We frequently get asked about holiday calculations, especially calculating holiday entitlements for workers whose hours aren’t “run of the mill” such as employees working on zero hours contracts, term-time workers and casual workers.

If you remember just one thing, it should be that all workers, whether full-time, part-time or casual, must receive holiday pay reflecting the true earnings they would have received if they had been at work rather than on leave.

The Working Time Regulations 1998, obliges employers to grant all workers a statutory minimum of 5.6 weeks holiday per year for full-time workers, and a pro-rata equivalent for part-time or casual workers.  There is no provision allowing employers to opt out of this duty.

Just a word of caution, if you employ part-year workers such as, but not limited to, term-time workers, the pro-rata provisions are not specific to these workers.  Instead, when calculating their entitlement, workers who have employment contracts for a full year are entitled to 5.6 weeks of holiday and pay, regardless of how much of the year they actually work(ed).

The risks of getting holiday calculations wrong

Denying any worker, the right to be paid the equivalent of 5.6 weeks holiday, or falsely claiming the worker is self-employed, may lead to a tribunal claim under the Working Time Regulations. There is no minimum length of service required to bring this type of claim to tribunal, however, a claim must be brought within three months of the date the worker alleges that they were denied the right to holiday.

Further, a worker denied statutory holiday pay can claim under the Employment Rights Act 1996 that the employer made an unlawful deduction from their wages.

Under the ERA, there is also a provision allowing an individual to bring a claim for a series of unlawful deductions from pay. This means that a worker could bring a single claim for unpaid holiday pay over several successive years (arguing that the non-payments or underpayments form part of a series of unlawful deductions from pay).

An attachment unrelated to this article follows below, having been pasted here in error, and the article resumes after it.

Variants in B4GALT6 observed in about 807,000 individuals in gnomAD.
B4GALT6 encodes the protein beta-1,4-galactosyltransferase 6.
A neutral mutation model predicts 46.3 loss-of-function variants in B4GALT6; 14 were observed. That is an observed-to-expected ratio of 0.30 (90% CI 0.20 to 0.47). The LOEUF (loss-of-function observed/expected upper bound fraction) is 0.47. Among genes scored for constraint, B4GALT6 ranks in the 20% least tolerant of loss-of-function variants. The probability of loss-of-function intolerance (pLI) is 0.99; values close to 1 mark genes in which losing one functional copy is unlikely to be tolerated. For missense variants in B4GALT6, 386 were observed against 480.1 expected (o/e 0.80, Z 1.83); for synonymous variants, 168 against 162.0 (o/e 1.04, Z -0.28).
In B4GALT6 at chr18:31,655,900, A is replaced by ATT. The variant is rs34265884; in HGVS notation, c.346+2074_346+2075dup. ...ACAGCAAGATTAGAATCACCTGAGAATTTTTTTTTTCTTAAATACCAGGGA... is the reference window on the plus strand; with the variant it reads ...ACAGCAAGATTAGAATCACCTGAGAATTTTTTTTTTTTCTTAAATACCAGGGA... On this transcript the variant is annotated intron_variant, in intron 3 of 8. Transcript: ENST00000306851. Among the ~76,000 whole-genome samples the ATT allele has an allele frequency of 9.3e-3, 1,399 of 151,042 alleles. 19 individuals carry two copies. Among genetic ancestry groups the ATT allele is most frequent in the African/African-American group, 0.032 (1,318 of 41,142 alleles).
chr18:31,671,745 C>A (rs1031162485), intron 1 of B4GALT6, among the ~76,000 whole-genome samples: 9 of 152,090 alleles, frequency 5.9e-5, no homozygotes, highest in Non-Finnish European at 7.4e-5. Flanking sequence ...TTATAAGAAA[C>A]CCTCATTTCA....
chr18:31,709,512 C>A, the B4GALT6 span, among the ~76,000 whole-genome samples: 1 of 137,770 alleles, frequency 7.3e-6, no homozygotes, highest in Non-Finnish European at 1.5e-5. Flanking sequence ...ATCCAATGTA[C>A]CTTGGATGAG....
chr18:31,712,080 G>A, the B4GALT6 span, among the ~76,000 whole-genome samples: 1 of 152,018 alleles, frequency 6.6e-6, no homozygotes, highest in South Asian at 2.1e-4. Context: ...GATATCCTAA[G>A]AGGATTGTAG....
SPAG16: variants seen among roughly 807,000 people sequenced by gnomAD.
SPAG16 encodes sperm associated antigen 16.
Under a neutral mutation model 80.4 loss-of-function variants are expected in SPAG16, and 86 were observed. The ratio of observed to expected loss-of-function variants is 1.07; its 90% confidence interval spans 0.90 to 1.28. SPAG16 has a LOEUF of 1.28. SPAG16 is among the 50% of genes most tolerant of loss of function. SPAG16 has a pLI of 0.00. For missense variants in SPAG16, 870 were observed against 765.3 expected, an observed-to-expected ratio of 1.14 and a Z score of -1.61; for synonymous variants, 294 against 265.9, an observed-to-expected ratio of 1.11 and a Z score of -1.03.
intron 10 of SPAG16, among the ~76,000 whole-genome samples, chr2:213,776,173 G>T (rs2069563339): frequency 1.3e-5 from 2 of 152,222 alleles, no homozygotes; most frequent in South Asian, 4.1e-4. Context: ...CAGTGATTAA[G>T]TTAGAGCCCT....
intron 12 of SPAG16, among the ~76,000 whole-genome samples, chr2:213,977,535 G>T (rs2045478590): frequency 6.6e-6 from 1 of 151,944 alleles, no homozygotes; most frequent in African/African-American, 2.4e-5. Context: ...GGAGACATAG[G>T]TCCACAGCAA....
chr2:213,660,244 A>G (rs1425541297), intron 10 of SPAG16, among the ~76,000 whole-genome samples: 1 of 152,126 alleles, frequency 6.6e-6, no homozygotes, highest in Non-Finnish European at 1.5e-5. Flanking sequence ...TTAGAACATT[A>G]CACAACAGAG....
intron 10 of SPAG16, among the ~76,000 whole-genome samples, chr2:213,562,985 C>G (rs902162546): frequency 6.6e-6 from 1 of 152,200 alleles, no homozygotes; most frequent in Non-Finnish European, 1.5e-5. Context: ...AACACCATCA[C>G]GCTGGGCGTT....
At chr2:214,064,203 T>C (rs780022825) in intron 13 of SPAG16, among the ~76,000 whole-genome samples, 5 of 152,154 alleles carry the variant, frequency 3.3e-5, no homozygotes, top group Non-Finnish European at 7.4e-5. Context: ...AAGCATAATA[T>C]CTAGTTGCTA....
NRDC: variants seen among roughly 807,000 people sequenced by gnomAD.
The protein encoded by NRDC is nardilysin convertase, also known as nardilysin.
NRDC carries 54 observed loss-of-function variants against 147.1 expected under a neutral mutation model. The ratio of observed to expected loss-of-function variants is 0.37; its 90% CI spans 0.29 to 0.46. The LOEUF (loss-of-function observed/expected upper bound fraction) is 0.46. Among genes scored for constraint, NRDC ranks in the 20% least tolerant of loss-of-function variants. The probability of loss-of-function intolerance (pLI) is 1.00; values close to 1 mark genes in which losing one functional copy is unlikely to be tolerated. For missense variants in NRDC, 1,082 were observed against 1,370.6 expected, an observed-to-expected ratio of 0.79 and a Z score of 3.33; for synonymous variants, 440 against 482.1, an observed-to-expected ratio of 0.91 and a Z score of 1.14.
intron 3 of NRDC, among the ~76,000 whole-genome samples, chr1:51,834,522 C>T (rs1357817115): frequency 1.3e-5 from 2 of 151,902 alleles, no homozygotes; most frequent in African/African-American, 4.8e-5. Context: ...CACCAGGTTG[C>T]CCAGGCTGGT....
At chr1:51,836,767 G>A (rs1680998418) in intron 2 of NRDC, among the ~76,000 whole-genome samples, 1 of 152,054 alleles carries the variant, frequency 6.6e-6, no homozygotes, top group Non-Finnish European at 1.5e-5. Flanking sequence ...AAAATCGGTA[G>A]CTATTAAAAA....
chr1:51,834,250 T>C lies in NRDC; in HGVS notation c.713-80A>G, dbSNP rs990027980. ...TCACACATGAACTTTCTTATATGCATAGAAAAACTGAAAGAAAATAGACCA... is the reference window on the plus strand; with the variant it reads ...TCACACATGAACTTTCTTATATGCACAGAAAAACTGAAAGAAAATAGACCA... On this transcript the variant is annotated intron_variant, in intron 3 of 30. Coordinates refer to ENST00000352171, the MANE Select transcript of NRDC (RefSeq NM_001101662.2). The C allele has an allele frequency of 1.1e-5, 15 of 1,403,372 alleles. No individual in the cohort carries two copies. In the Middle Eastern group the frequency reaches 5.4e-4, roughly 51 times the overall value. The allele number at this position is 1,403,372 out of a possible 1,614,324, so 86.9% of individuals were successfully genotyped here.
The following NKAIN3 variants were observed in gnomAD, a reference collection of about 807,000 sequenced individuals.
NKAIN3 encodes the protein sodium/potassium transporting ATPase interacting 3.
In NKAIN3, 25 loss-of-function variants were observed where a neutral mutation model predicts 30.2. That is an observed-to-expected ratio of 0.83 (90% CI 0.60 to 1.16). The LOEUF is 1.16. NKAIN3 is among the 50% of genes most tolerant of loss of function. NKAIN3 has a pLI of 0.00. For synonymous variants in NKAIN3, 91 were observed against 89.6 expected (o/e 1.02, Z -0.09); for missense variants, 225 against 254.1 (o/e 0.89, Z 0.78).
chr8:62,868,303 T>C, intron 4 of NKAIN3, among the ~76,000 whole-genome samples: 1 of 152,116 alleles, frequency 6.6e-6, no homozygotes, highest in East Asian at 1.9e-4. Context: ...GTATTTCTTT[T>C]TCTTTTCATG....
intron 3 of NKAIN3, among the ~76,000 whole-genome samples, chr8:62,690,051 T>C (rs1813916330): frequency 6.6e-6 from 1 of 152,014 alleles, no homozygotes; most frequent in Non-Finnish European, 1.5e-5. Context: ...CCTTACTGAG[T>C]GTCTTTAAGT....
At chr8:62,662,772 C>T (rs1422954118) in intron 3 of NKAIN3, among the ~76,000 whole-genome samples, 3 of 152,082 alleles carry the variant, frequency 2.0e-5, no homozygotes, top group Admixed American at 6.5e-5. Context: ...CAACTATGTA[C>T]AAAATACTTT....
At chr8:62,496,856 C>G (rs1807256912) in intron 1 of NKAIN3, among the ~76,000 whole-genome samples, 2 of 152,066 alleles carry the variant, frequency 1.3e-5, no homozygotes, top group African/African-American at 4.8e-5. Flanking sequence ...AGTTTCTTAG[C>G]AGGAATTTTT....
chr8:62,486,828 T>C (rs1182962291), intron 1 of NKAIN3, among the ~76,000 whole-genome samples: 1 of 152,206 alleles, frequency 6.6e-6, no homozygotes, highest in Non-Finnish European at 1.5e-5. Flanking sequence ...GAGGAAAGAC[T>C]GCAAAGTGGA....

The claim must be brought within three months of the last in the series of deductions and if successful, could lead to the employer being ordered to pay the worker holiday pay backdated over several years.

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Calculating what to pay

Since the Supreme Court decision in Harpur Trust v Brazel in July 2022 the subject of holiday pay has never been hotter.

Previously, a common approach to calculating holiday pay was to use the percentage method at 12.07% of hours worked to calculate annual leave for workers with irregular hours as recommended by ACAS. However, in this ruling, the Supreme Court has confirmed this calculation to be wrong and that in fact the correct way to calculate holiday is already established in law.

If you only have full-time or part-time workers with regular hours and a fixed salary you don’t need to take any action. If your workers have irregular work patterns and variable pay, however, then read on.

Based on the fluctuating nature of the work, it is often easier to calculate holiday pay in hours. This must reflect the normal hourly rate of pay and must be itemised separately on payslips.

The legislation is clear in that it provides a week’s pay should be calculated with reference to average weekly pay of the previous 52 weeks, but discounting any weeks no pay (other than statutory pay) was received.

Should your HRIS or payroll system not support the automatic calculation of non standard workers holiday, it is advisable to keep a rolling spreadsheet to allow for easier reporting throughout the year. 

What constitutes pay is another area of complexity for employers trying to calculate employees’ entitlements. The legislation and case law here is perhaps less clear. Whilst discretionary bonuses are not included, non-contractual overtime should be where it is regular. The definition of regular has been left to the employer to define and justify if required, meaning many are wary and left wondering if they are calculating holiday pay correctly.

If any of your workers fall into these categories where average holiday pay is applicable, then downloading our free guide will give you some helpful pointers to ensuring you are meeting your legal requirements.

Termination of contract

Any accrued but unused holiday upon the termination of the contract must be paid to the worker and must be itemised separately on their final payslip.

If you need help introducing or developing appropriate policies and guidelines around holiday pay for your workforce, or wish to introduce training for those responsible for such calculations, please get in touch and we will be happy to help you.

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